Roofing contractors who rely on the labor provided by Haitian nationals breathed a sigh of relief following the Department of Homeland Security’s announcement that these individuals can apply for Temporary Protected Status (TPS).
The TPS program benefits people residing in the U.S. from countries that are suffering from wars, natural disasters and other extraordinary circumstances. The construction industry legally employs roughly 51,700 TPS individuals, making it a crucial policy that helps curtail the ongoing workforce shortage.
In a statement on May 22, Secretary of Homeland Security Alejandro Mayorkas said Haiti is experiencing security concerns, social unrest and human rights abuses, all of which are exacerbated by the COVID-19 pandemic.
“After careful consideration, we determined that we must do what we can to support Haitian nationals in the United States until conditions in Haiti improve so they may safely return home,” said Mayorkas.
The Trump administration announced in January 2018 that it would rescind the Haiti TPS status July 22, 2019, meaning anyone with this status would be subject to deportation. Several lawsuits challenging the Trump administration’s actions kept the status in effect.
The extension of TPS for Haitian residents became effective May 21, and extends the designation for 18 months. TPS applies only to individuals who are already residing in the U.S. as of May 21 and meet all other requirements. Individuals eligible for TPS under Haiti’s new designation must file an application for TPS with U.S. Citizenship and Immigration Services.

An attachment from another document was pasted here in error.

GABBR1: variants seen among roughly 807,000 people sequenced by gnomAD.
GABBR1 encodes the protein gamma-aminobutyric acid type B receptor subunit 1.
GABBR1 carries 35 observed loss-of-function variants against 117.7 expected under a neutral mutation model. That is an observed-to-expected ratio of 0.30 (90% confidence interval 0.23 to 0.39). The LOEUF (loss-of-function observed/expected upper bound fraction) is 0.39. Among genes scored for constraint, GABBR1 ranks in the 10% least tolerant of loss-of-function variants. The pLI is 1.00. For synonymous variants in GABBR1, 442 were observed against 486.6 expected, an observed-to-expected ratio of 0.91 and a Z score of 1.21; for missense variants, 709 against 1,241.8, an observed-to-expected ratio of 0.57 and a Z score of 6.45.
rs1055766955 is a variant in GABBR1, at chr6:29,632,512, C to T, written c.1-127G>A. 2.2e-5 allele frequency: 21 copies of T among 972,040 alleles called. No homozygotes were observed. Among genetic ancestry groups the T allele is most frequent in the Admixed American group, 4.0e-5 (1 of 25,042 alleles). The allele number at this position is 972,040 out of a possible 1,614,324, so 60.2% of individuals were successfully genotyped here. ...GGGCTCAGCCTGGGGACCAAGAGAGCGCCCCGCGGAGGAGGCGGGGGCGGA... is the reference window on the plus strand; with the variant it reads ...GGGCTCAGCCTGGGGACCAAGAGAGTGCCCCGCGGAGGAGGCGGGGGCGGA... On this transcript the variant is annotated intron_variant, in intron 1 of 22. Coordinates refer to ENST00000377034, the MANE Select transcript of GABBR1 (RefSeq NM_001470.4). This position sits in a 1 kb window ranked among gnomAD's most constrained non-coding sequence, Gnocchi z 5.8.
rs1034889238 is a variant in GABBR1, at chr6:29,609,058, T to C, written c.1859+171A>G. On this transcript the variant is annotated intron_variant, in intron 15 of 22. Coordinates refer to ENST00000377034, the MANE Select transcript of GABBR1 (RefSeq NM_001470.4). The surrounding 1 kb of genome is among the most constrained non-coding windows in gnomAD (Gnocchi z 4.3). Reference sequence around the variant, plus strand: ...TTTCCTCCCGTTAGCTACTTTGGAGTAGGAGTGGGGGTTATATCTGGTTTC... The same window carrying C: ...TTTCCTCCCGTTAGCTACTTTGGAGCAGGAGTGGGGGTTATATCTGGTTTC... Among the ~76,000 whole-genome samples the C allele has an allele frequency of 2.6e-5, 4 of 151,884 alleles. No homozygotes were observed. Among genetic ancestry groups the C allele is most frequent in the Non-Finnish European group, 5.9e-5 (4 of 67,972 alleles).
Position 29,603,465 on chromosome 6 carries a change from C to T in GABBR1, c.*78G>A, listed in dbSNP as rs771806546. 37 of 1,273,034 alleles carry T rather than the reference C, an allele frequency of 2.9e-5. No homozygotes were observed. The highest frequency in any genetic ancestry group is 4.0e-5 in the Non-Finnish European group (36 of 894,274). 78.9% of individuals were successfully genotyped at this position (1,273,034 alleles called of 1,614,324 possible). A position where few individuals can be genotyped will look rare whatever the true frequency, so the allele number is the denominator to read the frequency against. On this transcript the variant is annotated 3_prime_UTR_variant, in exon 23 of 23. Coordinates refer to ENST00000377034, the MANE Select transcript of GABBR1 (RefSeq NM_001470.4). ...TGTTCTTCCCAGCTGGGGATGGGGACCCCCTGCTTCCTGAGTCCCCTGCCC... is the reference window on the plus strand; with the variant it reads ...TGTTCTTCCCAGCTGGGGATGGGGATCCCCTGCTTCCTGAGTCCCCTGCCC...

The National Roofing Contractors Association (NRCA) commended the Biden administration for taking this action, saying it supports the extension of TPS for countries where conditions warrant. NRCA CEO Reid Ribble said a failure to do otherwise would “exacerbate ongoing workforce shortages and cause severe disruption for many hardworking individuals and families who have been contributing to their communities for many years.”
“NRCA recognizes the need for reform of TPS as a component of our immigration system, which Congress urgently needs to address,” Ribble said.
Immigration reform was one of the key items the NRCA and roofing professionals from around the country spoke with their congressional representatives about during the 2021 Virtual Roofing Day. Specifically, the NRCA voiced its support for the Dreams and Promise Act, which would allow individuals with TPS who have a demonstrated employment record and meet other criteria to receive permanent legal status. This legislation is currently pending in the Senate.
"NRCA urges lawmakers to continue working to develop bipartisan legislative solutions that can be enacted into law," Ribble said.
Advanced Roofing of Fort Lauderdale, Fla., is among those who have advocated for immigration reform on behalf of the roofing industry. His business employs at least 20 TPS individuals, some of whom are from Haiti — a country the Department of Homeland Security designated for TPS in January 2010 following the aftermath of a 7.0-magnitude earthquake.
“We simply can’t find enough employees, and the misconception that workers with temporary protected status (TPS) and those with seasonal H2B visas would take the jobs of able-bodied U.S. workers, at a lower wage, does not correlate to facts,” said Advanced Roofing CEO Rob Kornhaus in a 2019 RC blog post. “With 22 current TPS employees from Haiti, Honduras and El Salvador — including three foremen trained by the company, working well and paying taxes — the prospect of arbitrarily ending TPS workers’ stay in the U.S. is pure folly.”
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